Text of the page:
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Week That Was: Waitangi

This week, the focus was on Waitangi - a great opportunity to reflect on who we are, and who we want to be as a nation.

Commemorating Te Tiriti o Waitangi

Labour MPs gathered at the Waitangi Treaty Grounds to mark 180 years since the signing of Te Tiriti o Waitangi.

As has become tradition, after the dawn service our MPs were quick to don their aprons and grab their tongs for the Prime Minister's Waitangi Day BBQ. 

Earlier in the week, Prime Minister Jacinda Ardern delivered her speech on the Upper Marae, where she stated: "Waitangi is the place where we acknowledge our past. But it must also be the place where we challenge our present, but where we be collectively hopeful about our future."

Read a full transcipt of the speech here.


Keeping the economy in good shape

It's more great news for our economy. This week saw Stats NZ release figures showing low unemployment, rising wages and record numbers of Māori in work. These figures demonstrate the economy is in good shape and our Government is delivering better outcomes across New Zealand.

Our biggest investments in infrastructure in a generation focus on lifting wages of those who previously missed out, and our regional growth investments are making a significant difference.

The unemployment rate fell to 4% in the December 2019, according to Stats NZ. When we came into Government unemployment was 4.7%. In the past two years, we have achieved the lowest levels in a decade.

Wage growth in the year to December 2019 continues to sit near decade highs, with average hourly wages up 3.6% from a year ago - well ahead of inflation at 1.9%.

We have seen wages grow more quickly than the cost of living, meaning more New Zealanders are getting ahead and benefitting from a growing economy.


Growing future Māori leaders

This week also saw the launch of a new educational programme for Māori rangatahi. Te Kawa Matakura is a programme designed by Māori, for Māori, targeted at 17-25 year olds proficient in te reo Māori who show a strong desire to learn mātauranga Māori.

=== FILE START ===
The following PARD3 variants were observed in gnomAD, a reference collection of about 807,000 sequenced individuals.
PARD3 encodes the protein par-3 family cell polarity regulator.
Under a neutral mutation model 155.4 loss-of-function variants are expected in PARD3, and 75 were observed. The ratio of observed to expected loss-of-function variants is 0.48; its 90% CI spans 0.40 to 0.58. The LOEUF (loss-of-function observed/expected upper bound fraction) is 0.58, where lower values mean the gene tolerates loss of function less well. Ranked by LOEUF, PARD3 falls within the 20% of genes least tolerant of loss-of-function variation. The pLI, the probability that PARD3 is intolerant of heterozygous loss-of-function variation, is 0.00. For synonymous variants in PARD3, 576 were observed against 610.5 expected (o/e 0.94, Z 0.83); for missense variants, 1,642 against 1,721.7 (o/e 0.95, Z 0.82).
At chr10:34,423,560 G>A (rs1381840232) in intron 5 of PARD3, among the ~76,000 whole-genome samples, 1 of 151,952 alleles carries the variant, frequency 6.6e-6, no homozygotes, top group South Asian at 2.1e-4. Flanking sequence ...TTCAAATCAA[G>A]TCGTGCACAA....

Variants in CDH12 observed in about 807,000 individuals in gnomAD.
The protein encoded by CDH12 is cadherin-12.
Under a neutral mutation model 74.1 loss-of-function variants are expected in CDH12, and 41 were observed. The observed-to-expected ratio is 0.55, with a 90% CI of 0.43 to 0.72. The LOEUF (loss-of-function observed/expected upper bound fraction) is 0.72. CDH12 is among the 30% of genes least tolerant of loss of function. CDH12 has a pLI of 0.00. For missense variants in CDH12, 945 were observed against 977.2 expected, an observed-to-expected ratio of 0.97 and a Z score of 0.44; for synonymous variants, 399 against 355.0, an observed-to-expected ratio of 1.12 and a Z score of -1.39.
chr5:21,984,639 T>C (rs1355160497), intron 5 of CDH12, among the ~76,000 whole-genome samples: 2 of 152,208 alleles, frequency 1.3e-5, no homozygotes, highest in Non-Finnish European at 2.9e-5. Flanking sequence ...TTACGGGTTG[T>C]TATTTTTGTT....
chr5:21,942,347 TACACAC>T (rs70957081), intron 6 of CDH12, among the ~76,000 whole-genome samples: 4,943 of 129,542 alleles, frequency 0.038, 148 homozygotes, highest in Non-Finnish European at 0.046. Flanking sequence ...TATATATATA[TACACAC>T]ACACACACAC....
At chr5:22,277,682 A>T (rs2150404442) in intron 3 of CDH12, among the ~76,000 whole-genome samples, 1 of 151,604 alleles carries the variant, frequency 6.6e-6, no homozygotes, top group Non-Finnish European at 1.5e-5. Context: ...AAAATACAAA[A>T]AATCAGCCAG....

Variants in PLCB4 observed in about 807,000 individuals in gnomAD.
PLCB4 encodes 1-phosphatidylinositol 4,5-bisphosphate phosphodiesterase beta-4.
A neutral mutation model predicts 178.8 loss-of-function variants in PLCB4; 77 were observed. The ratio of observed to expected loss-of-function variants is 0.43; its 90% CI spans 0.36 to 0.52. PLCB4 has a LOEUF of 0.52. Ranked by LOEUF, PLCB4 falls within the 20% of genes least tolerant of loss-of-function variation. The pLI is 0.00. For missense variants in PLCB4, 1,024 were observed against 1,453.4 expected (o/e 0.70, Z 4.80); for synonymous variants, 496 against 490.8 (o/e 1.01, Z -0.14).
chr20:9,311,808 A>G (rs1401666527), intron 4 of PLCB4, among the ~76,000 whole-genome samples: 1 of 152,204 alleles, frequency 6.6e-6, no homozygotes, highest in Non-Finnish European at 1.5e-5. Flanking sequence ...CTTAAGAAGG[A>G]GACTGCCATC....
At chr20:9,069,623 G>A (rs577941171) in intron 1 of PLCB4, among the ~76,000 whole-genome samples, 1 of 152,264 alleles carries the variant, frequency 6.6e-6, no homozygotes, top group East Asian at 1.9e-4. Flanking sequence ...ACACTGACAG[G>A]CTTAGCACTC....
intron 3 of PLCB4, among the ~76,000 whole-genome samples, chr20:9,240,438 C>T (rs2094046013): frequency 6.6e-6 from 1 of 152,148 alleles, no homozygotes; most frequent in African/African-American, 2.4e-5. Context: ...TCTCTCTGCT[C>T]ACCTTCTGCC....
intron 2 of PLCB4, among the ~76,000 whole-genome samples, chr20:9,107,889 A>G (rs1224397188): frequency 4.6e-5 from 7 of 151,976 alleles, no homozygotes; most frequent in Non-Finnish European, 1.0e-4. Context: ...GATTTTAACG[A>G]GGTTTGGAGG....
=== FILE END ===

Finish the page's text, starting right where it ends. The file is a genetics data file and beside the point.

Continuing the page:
The programme is set to have massive benefits for marae, iwi, communities, and wider Aotearoa.

It's another way we're backing Māori to achieve success as Māori - alongside our investment in kaupapa waka hourua, also announced this week.

With this investment, we're setting up a National Body of kaupapa waka hourua experts to strengthen the mātauranga and tikanga in Māori and Pacific voyaging traditions. The investment follows the success of last year’s national commemoration Tuia 250, and a year since the passing of Sir Hekenukumai Busby, who was internationally recognised for his crucial contribution to the revival of waka building and voyaging.


Honouring Dame Whina Cooper

Earlier this week, we joined the Cooper whānau, Waipuna Marae and the Panguru community to unveil a commemorative statue of the late Dame Whina Cooper.

The statue recreates the iconic photo of Dame Whina walking hand in hand with her mokopuna Irenee Cooper, at the start of the Land March on 14 September 1975. It celebrates Dame Whina’s leadership, rangatiratanga and mana, and will serve as an ongoing testament to the legacy she left for all New Zealanders.

Unveiling this statue highlights comparative lack of monuments to prominent New Zealand women and prominent Māori, and is a timely reminder that there’s still much to do to recognise the status and contribution of women and Māori in our society.

Prime Minister Jacinda Ardern escorted Dame Whina Cooper's son Joe Cooper and daughter Hine Cooper, to the unveiling of the statue in honour of Te Whaea o Te Motu. In unveiling the statue, Arderm told the large crowd that Dame Whina's legacy will be taught in all schools, as part of this Government's commitment to having New Zealand history taught in all kura by 2022.